The political system we have known since 1945 is coming to an end. The parties that seemed so permanent in the late 20th century are crumbling almost everywhere. The reason we don’t see it in the United States is because of the primaries system, which forces the existing parties to absorb new currents rather than be washed away by them.
But both the protectionist Republicans and the identitarian Democrats are, for all intents and purposes, different parties now.
As I write, I am waiting for the results of the European election, which the U.K. held on Thursday. (Most of Europe, having no Protestant hang-ups about the Sabbath, votes on Sunday, so Britain isn’t allowed to count its ballots until then.) Still, I don’t need to see the figures to write, with certainty, that this will be the worst result for Labour in a century and the worst result for the Conservatives in that party’s 185-year history.
True, these are special circumstances. The U.K. is in the absurd position of holding an election to the European Parliament three years after voting to leave the EU. You don’t need any clever psephology to explain why that makes the established parties unpopular. But a breakdown on this scale doesn’t come out of nowhere. It is the culmination of tendencies that have been building for decades.
I wrote here a couple of years back about the collapse of the Old Left. Across the Western world, I observed, traditional social democratic and labor parties were disappearing, because the sorts of people they were created to defend were becoming thinner on the ground. The world of industrialized workforces, collective bargaining, and syndicalism no longer exists. Most millennials will never have “a job” as we understood that concept in the 20th century. Their lives, rather, are likely to involve spells of self-employment interspersed by regular reskilling and bursts of contract work. In such a world, parties tied to big labor unions look archaic.
Since I wrote that piece, the traditional Left has made one partial comeback, winning Spain’s general election last month. Yet, Spain may turn out to be the exception that proves the rule. Spanish Leftists (like Spanish Rightists) march to ancestral drums that are inaudible to the rest of us. The issues that sparked that country’s civil war (anti-clericalism, anti-fascism, anti-communism, regional separatism) have a continuing resonance there precisely because the conflict was so monstrous and so tragic. At the recent election, for example, there was a big argument about whether to disinter the body of Francisco Franco, who currently lies entombed, pharaoh-like, in the Valley of the Fallen, with the remains of his soldiers and his enemies around him.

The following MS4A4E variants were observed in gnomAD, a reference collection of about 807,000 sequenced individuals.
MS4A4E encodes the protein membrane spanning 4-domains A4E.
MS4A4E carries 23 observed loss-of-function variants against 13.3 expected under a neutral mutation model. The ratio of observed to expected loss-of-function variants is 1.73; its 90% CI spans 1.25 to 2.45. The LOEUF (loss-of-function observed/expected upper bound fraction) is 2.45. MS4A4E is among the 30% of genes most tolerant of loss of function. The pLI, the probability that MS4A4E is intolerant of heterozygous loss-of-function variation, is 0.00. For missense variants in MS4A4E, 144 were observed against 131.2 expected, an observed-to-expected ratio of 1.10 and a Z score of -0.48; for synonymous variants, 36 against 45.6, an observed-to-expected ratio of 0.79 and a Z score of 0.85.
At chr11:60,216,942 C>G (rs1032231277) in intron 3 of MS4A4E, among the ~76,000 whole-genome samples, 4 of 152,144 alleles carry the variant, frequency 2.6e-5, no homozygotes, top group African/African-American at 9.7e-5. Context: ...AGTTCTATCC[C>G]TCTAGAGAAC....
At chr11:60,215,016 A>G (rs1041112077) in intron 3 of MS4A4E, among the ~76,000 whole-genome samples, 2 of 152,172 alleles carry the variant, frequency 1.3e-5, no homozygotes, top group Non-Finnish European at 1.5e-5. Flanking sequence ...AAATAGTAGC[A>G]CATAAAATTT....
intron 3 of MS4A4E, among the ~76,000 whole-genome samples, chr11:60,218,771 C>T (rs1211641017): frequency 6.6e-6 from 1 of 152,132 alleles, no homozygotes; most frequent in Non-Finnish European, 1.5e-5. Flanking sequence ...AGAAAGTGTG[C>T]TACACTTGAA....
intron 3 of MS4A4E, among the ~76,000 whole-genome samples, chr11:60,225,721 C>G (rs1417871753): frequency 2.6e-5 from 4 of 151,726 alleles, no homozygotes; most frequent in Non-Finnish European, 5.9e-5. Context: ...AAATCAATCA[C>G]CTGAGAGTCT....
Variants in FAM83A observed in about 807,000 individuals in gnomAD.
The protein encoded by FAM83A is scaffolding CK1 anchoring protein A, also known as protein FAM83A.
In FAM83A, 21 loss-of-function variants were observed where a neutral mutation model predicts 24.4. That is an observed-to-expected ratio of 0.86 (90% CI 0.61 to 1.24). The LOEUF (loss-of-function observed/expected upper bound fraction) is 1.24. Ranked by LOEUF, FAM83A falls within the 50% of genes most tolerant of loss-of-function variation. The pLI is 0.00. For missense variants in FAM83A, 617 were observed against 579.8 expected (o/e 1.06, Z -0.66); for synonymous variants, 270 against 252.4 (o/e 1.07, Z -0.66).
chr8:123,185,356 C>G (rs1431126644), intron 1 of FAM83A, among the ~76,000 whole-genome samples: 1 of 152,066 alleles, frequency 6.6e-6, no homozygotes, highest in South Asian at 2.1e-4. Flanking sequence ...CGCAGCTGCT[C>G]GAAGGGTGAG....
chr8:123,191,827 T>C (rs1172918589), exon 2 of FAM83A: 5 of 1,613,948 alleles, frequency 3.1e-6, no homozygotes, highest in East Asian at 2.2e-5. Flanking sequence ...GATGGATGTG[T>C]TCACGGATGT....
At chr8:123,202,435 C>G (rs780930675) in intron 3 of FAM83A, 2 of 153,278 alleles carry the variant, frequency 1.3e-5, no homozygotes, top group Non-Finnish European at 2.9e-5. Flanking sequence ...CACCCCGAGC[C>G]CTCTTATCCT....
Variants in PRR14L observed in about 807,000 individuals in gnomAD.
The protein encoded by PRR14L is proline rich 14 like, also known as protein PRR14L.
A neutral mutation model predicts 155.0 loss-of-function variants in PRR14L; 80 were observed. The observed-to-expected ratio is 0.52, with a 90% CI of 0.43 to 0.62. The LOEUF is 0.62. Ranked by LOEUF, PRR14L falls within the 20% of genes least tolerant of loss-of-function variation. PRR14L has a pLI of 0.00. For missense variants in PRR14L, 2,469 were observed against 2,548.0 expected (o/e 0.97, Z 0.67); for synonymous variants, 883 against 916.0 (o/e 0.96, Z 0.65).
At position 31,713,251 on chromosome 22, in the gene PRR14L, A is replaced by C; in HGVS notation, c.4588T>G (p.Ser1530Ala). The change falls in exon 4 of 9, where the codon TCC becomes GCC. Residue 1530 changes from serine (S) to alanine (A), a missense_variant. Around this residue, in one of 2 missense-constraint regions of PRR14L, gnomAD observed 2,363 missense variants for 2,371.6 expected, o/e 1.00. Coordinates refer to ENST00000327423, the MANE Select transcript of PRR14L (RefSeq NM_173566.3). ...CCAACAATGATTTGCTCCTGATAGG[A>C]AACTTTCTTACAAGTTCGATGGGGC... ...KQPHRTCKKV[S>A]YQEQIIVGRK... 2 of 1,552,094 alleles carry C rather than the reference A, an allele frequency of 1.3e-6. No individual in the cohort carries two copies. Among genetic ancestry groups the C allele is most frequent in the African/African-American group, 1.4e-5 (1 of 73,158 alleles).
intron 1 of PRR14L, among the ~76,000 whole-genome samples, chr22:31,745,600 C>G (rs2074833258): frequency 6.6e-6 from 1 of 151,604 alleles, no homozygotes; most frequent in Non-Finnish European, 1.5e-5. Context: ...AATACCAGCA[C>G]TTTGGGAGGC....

In other words, the Spanish Left benefited from fighting a culture war rather than a normal election campaign about the economy, schools, and so on. A big part of the socialist party’s campaign was rooted in opposition to the insurgent Rightist party, Vox, which socialists enjoyed portraying as Francoist. Such campaigns, I’m afraid, look like the future for advanced democracies.
The acceleration of technology that is putting the Old Left out of business is hardly an unmixed blessing for conservatives. Margaret Thatcher loved to talk about “a property-owning democracy,” having borrowed the concept, if not the phrase, from the American Founders. But look at how teenagers relate to property these days. They don’t own music or movies. They are less and less likely, in the age of Uber, to own cars. They are less likely, too, to own their homes. In consequence, the old conservative promise — work hard and we’ll make sure you get to keep the rewards — no longer has the same resonance.
These debates are taking place in the context of unprecedentedly high living standards. Poverty as it was defined for thousands of years, the want of food and shelter, barely exists anymore in Western countries. And so, perhaps inevitably, it’s no longer the economy, stupid. The successful politicians are the ones who are good at picking fights. Their target could be “the 1%” or Muslims or “banksters” or remote elites or biased media or illegal immigrants or even, incredibly after all this time, Jews.
Seen in this context, the coarsening of political discourse suddenly makes sense. It turns out that populism, in the sense of angry campaigns against some supposed domestic enemy, isn’t a product of poverty, but of plenty. With more time on our hands than any previous generation, we fill it by raging against our fellow citizens over what would once have seemed relatively minor issues. The Right becomes more authoritarian, the Left more extreme. Such are the unlikely challenges of prosperity.